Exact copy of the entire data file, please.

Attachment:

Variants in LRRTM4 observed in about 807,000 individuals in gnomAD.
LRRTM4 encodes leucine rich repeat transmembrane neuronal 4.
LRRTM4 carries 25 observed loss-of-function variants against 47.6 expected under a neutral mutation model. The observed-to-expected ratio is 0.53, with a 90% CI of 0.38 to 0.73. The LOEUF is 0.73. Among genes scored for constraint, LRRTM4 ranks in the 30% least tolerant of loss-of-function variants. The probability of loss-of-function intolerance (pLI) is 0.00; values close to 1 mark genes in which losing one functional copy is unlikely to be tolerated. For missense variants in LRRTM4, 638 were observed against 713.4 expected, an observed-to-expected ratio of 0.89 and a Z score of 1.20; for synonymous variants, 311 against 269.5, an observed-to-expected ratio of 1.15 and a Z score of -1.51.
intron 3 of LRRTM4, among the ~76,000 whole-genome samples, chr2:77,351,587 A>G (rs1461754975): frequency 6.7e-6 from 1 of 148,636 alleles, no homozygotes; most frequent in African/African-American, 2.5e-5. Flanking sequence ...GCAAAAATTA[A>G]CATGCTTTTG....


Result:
Variants in LRRTM4 observed in about 807,000 individuals in gnomAD.
LRRTM4 encodes leucine rich repeat transmembrane neuronal 4.
LRRTM4 carries 25 observed loss-of-function variants against 47.6 expected under a neutral mutation model. The observed-to-expected ratio is 0.53, with a 90% CI of 0.38 to 0.73. The LOEUF is 0.73. Among genes scored for constraint, LRRTM4 ranks in the 30% least tolerant of loss-of-function variants. The probability of loss-of-function intolerance (pLI) is 0.00; values close to 1 mark genes in which losing one functional copy is unlikely to be tolerated. For missense variants in LRRTM4, 638 were observed against 713.4 expected, an observed-to-expected ratio of 0.89 and a Z score of 1.20; for synonymous variants, 311 against 269.5, an observed-to-expected ratio of 1.15 and a Z score of -1.51.
intron 3 of LRRTM4, among the ~76,000 whole-genome samples, chr2:77,351,587 A>G (rs1461754975): frequency 6.7e-6 from 1 of 148,636 alleles, no homozygotes; most frequent in African/African-American, 2.5e-5. Flanking sequence ...GCAAAAATTA[A>G]CATGCTTTTG....